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White Sox Wed Jun 29 2011

What Part of 'All In' Do the Sox Not Understand?

Thumbnail image for white sox.gifHaving a manager who stands behind his players is usually a good thing. Lately, though, Ozzie Guillen's fierce loyalty seems to be hurting the White Sox more than helping. He has remained stubborn with his feet firmly planted in the ground, and in third place, while his team sinks to 38-42.

Adam Dunn has 100 strikeouts in 67 games this season, but the team has no choice but to wait for him to get his groove back and that could take a while.

With every strikeout Dunn seems to be sinking deeper and reacting a lot slower. His batting average has now hit .173, and a dismal .126 at home. Most alarming, the strikeouts, which are par for the course with him, have not been accompanied by his customary 40-home run power. He's got seven homers now as we near the all-star break.

So while Ozzie is correct in saying Dunn is paid too much to sit and the Sox have to keep putting him out there, the same doesn't have to be said about other players.

Ozzie has always been passionate about certain players when they hit a slump. But the vicious cycle of leaving runners on base and waiting for something to happen is not only unproductive, but it's hurting any chances the Sox have in their division. So far, Cleveland and Detroit haven't gone on any major runs but that shouldn't be reassuring.

Back-to-back 2-1 and 3-2 losses are just another reason Ozzie needs to start thinking with his head. I can admire his loyalty to guys like Juan Pierre and Alex Rios but at some point changes have to be made. Guys aren't producing and it's putting mounting pressure on players like Paul Konerko to carry the offense on their shoulders. Not to mention pitching performances like Phil Humber's on Sunday are being discredited because the offense can't provide any support.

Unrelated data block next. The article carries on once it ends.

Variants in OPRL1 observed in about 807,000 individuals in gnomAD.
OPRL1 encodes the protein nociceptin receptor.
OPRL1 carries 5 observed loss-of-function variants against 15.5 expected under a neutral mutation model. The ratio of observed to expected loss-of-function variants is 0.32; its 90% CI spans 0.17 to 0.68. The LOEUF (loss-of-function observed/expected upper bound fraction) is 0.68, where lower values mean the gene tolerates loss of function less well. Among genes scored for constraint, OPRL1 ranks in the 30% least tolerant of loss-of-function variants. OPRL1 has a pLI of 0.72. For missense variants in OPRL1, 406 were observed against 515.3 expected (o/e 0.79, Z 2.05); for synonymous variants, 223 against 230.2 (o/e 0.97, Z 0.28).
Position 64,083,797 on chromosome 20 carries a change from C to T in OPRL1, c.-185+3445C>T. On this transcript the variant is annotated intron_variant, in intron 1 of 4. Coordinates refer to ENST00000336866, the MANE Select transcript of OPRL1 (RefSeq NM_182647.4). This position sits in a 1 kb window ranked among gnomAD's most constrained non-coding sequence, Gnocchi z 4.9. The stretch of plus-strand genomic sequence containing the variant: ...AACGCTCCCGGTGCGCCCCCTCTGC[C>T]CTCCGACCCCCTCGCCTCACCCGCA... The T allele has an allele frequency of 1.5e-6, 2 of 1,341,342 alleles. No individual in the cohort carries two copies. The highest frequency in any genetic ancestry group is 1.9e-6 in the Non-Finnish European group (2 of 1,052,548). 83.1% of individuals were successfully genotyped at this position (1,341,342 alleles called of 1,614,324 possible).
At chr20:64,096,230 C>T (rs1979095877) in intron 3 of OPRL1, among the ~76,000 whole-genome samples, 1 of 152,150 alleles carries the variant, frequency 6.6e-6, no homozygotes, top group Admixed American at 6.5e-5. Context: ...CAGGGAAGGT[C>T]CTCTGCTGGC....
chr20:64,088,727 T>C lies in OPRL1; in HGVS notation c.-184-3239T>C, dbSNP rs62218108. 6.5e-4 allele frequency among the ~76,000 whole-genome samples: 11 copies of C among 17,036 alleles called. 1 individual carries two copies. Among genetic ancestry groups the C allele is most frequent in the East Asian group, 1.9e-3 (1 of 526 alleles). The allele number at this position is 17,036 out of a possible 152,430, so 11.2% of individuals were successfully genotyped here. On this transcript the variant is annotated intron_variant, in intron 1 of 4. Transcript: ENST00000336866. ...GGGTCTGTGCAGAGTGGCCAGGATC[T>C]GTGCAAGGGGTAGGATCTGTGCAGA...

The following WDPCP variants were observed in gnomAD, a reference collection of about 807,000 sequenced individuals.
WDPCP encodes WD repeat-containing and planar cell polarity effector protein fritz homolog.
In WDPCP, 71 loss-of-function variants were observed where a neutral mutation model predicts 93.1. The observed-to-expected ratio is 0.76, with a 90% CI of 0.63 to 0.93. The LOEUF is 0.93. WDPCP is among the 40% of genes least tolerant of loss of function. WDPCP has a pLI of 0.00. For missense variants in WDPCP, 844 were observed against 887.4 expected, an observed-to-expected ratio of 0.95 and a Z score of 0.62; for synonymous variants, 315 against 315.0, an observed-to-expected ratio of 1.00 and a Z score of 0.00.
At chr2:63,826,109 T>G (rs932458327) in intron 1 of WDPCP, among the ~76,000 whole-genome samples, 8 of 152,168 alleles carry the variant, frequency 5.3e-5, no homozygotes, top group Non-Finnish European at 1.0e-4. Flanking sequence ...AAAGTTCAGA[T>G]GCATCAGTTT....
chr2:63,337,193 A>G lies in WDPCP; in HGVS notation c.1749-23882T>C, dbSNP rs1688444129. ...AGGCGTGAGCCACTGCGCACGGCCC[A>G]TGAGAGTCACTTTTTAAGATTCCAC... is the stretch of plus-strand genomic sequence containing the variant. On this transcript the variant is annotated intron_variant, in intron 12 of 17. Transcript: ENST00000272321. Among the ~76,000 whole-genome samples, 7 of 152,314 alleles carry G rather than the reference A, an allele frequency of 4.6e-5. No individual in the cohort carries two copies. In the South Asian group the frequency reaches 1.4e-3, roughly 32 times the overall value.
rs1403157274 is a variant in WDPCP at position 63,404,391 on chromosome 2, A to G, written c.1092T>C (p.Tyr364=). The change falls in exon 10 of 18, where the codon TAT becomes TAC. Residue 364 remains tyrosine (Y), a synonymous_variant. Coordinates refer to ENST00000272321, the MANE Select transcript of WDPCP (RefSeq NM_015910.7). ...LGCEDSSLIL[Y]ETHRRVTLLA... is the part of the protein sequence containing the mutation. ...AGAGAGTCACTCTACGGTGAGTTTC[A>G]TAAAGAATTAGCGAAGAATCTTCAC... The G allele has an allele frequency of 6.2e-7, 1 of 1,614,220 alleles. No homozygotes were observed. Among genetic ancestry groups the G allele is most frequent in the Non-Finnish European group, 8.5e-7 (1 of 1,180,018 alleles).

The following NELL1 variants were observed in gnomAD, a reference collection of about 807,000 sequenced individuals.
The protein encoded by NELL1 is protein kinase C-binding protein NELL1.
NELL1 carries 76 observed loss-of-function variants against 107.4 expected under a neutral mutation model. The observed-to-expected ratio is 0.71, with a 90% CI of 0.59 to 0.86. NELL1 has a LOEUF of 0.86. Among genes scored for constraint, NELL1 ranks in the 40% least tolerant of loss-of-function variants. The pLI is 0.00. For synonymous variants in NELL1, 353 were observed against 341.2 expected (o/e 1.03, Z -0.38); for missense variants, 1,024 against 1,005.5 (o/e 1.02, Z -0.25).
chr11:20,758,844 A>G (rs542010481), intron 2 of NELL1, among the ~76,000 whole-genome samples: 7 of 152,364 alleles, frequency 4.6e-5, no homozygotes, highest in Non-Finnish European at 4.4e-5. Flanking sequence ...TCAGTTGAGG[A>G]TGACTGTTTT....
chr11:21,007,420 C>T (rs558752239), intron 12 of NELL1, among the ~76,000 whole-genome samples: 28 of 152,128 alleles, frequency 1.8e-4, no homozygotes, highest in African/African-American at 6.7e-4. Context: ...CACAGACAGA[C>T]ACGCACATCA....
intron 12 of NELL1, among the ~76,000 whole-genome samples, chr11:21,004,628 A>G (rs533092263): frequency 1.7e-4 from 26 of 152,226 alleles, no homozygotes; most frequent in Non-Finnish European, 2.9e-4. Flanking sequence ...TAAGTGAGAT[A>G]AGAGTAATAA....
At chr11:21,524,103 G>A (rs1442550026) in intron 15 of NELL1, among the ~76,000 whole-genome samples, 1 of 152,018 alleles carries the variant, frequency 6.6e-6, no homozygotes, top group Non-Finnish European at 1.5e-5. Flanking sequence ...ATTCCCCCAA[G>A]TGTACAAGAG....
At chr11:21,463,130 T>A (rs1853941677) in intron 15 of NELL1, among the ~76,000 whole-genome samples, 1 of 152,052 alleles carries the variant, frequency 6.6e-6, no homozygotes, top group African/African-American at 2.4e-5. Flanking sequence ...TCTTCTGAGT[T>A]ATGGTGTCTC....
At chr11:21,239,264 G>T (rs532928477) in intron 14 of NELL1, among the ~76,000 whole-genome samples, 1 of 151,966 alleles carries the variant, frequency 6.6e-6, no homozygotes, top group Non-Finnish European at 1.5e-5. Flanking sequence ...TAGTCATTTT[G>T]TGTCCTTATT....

It's time to make a change. It's time to go all in. The White Sox can't afford to wait around any longer. Since they can't exactly get rid of Adam Dunn, they should consider bringing in Dayan Viciedo.

Granted, Pierre isn't the worst player, but the team needs consistency. All it takes is someone to keep guys on base moving. With Dunn continuing to struggle, Viciedo could even be plugged in at DH, giving Pierre more chances to create offensive sparks.

Viciedo is hitting .330 with a .369 on-base percentage and .528 slugging percentage in Charlotte, but the best part is his .325 average with runners on base, including a .276 mark with men in scoring position.

Whether or not the Sox find room for Viciedo, it's clear that a changeup is needed to spark this struggling team. You can't make a run in the standings by sitting around doing the same thing and waiting for different results.

 
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